AUSTIN (KXAN) – Small black boxes are located on many public and private buildings around Austin – from City Hall to apartment complexes – and grant first responders quick access in the schools emergency situations where they don’t have to destroy property or put themselves in danger.
Specifically, the “Knox Box” is opened with a key held by first responders. Inside is a key or other keycard to open the building.
While Austin Fire Department employees have the master key to get inside Knox Boxes, Austin-Travis County EMS paramedics do not. This has been happening since 2018, when The City of Austin changed its Knox Box locking system after a thief was caught stealing the master key.
Lee Nudelman is a former vice president of the EMS Association and said paramedics, like firefighters, will be able to get into those boxes.
“Accessibility is fundamental to being able to help people,” says Nudelman. “If I can’t get to you, I can’t help you.”
We took these concerns to the EMS Interim Director, Jasper Brown, who said access was not an issue. He said firefighters accompany paramedics on high-priority calls, like when someone is having trouble breathing or bleeding excessively.
The doctors also keep codes for buildings they’ve been in, Brown said. In other words, he said they got in somehow.
“I didn’t know it was a problem, we had to have it now,” Brown said of getting the Knox Box key. “We are working through the process with our partners at the Austin Fire Department, and we are sure that we will have [key] when is the right time.”
But Nudelman disagrees, saying emergencies are unpredictable and every second matters.
Sometimes calls are upgraded to higher priority and firefighters have not been dispatched, he added. Nudelman said he has heard of many cases where this has happened to EMS paramedics.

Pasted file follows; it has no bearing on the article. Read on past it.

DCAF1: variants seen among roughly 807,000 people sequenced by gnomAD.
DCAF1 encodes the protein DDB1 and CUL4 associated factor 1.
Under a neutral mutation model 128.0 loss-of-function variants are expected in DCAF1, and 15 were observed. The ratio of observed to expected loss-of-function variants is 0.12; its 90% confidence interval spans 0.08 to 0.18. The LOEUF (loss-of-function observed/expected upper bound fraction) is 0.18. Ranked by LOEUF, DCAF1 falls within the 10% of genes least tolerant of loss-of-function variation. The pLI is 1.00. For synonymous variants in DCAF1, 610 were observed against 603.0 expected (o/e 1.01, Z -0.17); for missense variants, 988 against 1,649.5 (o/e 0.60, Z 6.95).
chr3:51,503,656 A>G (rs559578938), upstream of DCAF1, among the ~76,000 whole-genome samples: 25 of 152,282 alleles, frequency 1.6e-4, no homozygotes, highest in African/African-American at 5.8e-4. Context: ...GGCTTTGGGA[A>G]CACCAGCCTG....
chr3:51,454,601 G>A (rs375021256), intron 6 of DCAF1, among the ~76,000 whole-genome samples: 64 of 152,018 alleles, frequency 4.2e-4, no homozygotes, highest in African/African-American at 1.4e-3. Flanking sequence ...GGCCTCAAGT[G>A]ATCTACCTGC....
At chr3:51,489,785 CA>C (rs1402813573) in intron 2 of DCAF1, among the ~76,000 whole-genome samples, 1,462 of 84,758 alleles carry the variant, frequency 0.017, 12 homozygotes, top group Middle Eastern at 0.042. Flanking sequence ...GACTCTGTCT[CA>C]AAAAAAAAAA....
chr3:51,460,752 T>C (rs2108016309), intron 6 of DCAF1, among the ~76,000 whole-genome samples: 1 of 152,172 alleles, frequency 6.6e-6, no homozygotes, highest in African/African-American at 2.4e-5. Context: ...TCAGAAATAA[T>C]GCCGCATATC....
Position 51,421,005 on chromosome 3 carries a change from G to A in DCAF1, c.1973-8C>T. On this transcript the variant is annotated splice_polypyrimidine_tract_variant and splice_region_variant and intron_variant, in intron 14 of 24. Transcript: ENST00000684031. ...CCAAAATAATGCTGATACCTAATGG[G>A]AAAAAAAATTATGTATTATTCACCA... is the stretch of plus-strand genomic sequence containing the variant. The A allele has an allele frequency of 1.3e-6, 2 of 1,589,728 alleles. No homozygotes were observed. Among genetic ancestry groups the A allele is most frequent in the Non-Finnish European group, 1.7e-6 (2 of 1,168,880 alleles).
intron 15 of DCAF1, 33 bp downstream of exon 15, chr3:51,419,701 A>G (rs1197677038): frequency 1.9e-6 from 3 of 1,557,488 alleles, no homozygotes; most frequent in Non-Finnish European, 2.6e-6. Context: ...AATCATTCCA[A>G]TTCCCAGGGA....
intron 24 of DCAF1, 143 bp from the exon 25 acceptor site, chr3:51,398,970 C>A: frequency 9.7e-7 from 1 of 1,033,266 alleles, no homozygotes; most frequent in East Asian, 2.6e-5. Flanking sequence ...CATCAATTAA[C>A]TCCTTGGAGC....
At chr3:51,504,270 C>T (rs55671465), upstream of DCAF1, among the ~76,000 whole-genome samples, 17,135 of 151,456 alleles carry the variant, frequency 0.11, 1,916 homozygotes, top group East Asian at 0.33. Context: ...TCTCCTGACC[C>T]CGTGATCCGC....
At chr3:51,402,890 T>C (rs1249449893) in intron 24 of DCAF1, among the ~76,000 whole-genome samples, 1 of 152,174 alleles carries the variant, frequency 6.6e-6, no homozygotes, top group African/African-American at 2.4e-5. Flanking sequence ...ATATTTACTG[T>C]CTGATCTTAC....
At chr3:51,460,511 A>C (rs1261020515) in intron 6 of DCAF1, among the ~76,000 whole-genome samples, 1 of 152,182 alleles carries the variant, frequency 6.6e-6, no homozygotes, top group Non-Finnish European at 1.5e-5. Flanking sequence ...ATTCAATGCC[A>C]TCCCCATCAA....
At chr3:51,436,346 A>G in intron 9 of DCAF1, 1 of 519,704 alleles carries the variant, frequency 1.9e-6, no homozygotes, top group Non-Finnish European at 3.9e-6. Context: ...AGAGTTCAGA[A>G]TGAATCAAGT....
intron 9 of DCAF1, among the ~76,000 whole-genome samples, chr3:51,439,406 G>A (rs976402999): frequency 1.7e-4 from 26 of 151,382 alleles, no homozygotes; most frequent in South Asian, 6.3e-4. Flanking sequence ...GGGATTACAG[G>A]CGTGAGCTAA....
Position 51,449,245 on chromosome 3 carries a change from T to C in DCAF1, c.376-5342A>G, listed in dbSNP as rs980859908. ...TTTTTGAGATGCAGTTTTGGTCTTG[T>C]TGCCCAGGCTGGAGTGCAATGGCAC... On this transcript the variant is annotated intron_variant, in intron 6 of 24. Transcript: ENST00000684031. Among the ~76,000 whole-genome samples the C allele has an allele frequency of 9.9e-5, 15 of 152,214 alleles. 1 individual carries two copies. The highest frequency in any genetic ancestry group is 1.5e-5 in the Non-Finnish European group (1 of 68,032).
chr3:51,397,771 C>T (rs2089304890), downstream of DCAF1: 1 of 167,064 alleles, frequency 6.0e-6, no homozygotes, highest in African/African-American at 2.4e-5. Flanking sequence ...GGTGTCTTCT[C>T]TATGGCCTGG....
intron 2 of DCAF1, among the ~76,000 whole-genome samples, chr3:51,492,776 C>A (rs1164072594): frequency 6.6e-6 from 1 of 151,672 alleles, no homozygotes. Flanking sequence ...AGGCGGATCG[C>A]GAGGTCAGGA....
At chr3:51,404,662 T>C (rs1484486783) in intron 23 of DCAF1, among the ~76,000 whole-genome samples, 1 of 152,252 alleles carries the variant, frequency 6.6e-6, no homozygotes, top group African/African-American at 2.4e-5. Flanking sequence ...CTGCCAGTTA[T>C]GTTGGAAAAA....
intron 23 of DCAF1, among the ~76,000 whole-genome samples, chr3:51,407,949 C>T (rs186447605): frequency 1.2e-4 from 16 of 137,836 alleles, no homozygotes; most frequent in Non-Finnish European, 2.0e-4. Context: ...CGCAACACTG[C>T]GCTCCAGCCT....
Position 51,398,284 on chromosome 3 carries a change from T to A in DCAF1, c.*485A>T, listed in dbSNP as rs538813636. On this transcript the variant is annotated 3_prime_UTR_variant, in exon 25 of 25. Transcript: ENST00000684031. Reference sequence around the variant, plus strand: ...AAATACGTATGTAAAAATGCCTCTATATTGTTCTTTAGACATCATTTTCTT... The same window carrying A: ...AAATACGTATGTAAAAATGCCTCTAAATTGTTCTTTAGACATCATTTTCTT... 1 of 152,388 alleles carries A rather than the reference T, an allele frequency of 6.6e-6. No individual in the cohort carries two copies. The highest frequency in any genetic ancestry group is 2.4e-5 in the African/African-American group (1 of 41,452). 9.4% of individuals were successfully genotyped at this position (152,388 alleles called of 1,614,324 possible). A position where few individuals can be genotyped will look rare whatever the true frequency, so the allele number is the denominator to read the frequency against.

Speaking of those cases, he said, “We are waiting for people to let us in or have to call the fire brigade if they are not dispatched and wait another five, seven minutes for them to come so we can in. “
Brown said EMS is working through security measures to obtain the Knox Box key. He added that careful caution is needed when providing this type of access, not to mention the cost. In 2018, the Austin City Council approved a $300,000 contract to bring in new lock boxes, keys, and related equipment and services.
There are two types of keys that first responders have. Austin firefighters have the aforementioned master keys to enter any Knox Box and access secure protected buildings. Both the AFD and the Austin-Travis County EMS have keys that allow access to thousands of controlled apartment complexes.
Prior to the security changes in 2018, Nudelman said there was one master key to both the apartment and the controlled building, and they were distributed to both firefighters and paramedics.
https://www.kxan.com/investigations/austin-firefighters-have-keys-allowing-access-to-thousands-of-buildings-why-dont-paramedics/ The Austin Fire Department has keys that give access to thousands of buildings. Why not medical staff?